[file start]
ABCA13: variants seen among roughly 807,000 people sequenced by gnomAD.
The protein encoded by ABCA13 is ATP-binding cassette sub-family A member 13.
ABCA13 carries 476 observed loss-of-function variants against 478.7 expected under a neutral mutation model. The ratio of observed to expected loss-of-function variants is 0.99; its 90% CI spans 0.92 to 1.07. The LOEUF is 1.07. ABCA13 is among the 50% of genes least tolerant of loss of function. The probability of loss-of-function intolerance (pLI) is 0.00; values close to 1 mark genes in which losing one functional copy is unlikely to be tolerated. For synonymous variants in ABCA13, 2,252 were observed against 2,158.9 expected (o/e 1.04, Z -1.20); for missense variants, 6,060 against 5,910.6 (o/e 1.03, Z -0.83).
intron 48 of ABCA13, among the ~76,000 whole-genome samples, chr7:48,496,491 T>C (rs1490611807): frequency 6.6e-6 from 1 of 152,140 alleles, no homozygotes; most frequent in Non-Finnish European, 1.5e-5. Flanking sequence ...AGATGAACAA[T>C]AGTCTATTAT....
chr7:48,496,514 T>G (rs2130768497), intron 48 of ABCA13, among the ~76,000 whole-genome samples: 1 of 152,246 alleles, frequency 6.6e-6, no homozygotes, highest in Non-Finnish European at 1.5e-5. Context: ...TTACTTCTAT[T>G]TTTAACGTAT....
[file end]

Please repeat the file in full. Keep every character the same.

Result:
ABCA13: variants seen among roughly 807,000 people sequenced by gnomAD.
The protein encoded by ABCA13 is ATP-binding cassette sub-family A member 13.
ABCA13 carries 476 observed loss-of-function variants against 478.7 expected under a neutral mutation model. The ratio of observed to expected loss-of-function variants is 0.99; its 90% CI spans 0.92 to 1.07. The LOEUF is 1.07. ABCA13 is among the 50% of genes least tolerant of loss of function. The probability of loss-of-function intolerance (pLI) is 0.00; values close to 1 mark genes in which losing one functional copy is unlikely to be tolerated. For synonymous variants in ABCA13, 2,252 were observed against 2,158.9 expected (o/e 1.04, Z -1.20); for missense variants, 6,060 against 5,910.6 (o/e 1.03, Z -0.83).
intron 48 of ABCA13, among the ~76,000 whole-genome samples, chr7:48,496,491 T>C (rs1490611807): frequency 6.6e-6 from 1 of 152,140 alleles, no homozygotes; most frequent in Non-Finnish European, 1.5e-5. Flanking sequence ...AGATGAACAA[T>C]AGTCTATTAT....
chr7:48,496,514 T>G (rs2130768497), intron 48 of ABCA13, among the ~76,000 whole-genome samples: 1 of 152,246 alleles, frequency 6.6e-6, no homozygotes, highest in Non-Finnish European at 1.5e-5. Context: ...TTACTTCTAT[T>G]TTTAACGTAT....